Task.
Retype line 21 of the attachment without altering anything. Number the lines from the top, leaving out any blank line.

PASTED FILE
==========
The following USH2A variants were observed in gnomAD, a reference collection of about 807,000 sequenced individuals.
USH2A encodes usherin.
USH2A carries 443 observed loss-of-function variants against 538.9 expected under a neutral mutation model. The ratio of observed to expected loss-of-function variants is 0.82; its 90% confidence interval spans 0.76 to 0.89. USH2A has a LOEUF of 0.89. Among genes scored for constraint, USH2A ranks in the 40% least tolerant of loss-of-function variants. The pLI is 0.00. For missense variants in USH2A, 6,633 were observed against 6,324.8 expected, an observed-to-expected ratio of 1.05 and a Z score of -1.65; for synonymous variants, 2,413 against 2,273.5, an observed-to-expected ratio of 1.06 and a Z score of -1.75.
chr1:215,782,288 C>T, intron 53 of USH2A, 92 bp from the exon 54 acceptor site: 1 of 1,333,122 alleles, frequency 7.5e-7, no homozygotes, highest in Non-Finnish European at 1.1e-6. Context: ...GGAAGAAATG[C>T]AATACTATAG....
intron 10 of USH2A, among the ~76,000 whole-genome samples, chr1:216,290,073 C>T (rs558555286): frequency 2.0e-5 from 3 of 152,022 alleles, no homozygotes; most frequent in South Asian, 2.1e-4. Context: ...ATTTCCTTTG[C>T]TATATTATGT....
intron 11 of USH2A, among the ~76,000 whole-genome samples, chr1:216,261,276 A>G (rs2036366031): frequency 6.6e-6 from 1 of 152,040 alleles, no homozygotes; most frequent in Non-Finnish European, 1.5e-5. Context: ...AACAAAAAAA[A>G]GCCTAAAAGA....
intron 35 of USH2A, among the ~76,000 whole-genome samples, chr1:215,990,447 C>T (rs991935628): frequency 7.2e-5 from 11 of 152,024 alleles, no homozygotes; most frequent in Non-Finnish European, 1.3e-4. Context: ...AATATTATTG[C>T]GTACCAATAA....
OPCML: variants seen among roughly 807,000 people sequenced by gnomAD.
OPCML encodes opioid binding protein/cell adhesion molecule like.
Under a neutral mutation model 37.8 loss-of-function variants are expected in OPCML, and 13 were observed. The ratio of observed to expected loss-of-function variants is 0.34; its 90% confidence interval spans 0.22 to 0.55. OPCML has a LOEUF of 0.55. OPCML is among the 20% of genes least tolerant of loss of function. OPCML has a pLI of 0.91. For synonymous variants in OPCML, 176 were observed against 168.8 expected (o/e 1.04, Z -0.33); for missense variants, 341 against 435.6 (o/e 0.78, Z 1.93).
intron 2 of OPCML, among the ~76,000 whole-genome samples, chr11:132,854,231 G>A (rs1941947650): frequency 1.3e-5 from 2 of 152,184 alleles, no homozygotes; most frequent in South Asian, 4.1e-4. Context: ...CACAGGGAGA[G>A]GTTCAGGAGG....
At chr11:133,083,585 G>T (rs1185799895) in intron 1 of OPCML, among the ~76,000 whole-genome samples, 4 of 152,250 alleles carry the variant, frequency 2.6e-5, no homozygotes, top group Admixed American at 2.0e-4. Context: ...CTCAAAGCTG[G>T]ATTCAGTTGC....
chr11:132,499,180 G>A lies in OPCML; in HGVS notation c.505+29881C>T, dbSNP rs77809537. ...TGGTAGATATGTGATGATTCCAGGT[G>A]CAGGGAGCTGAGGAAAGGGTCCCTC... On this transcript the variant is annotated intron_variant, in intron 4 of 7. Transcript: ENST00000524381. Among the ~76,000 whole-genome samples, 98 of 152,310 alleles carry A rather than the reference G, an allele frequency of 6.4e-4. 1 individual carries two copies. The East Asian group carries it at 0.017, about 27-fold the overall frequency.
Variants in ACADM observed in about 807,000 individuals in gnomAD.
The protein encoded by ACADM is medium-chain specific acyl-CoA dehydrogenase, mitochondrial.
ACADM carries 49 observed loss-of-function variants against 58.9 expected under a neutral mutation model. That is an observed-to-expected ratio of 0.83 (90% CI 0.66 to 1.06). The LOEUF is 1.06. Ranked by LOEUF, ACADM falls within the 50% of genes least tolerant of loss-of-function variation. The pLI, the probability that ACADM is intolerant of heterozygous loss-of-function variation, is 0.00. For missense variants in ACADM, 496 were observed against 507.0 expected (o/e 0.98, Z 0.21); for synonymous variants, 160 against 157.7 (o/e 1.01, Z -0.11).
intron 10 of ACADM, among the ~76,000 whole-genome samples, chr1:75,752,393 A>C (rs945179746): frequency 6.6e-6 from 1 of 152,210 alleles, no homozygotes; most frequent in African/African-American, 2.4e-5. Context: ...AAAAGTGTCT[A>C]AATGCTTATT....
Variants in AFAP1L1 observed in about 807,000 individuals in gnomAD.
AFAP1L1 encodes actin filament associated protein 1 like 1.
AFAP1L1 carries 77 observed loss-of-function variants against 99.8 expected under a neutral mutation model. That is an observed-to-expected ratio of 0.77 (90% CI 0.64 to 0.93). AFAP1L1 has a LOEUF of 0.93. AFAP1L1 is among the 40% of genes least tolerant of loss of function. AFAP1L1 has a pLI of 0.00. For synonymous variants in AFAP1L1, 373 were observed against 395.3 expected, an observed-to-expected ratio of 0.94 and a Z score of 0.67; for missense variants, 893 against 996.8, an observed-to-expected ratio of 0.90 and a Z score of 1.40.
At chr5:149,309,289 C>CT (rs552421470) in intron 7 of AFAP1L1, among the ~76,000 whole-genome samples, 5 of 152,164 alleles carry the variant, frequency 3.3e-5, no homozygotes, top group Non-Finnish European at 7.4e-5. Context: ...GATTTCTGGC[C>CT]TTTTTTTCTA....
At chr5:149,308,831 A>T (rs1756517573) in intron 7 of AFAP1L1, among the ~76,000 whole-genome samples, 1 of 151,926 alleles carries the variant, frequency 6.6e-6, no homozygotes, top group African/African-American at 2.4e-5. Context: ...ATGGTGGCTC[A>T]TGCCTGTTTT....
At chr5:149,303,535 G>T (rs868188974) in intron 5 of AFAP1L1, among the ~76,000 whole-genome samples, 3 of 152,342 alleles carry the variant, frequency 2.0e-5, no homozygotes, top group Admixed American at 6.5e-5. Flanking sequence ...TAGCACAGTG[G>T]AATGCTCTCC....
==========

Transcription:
At chr5:149,309,289 C>CT (rs552421470) in intron 7 of AFAP1L1, among the ~76,000 whole-genome samples, 5 of 152,164 alleles carry the variant, frequency 3.3e-5, no homozygotes, top group Non-Finnish European at 7.4e-5. Context: ...GATTTCTGGC[C>CT]TTTTTTTCTA....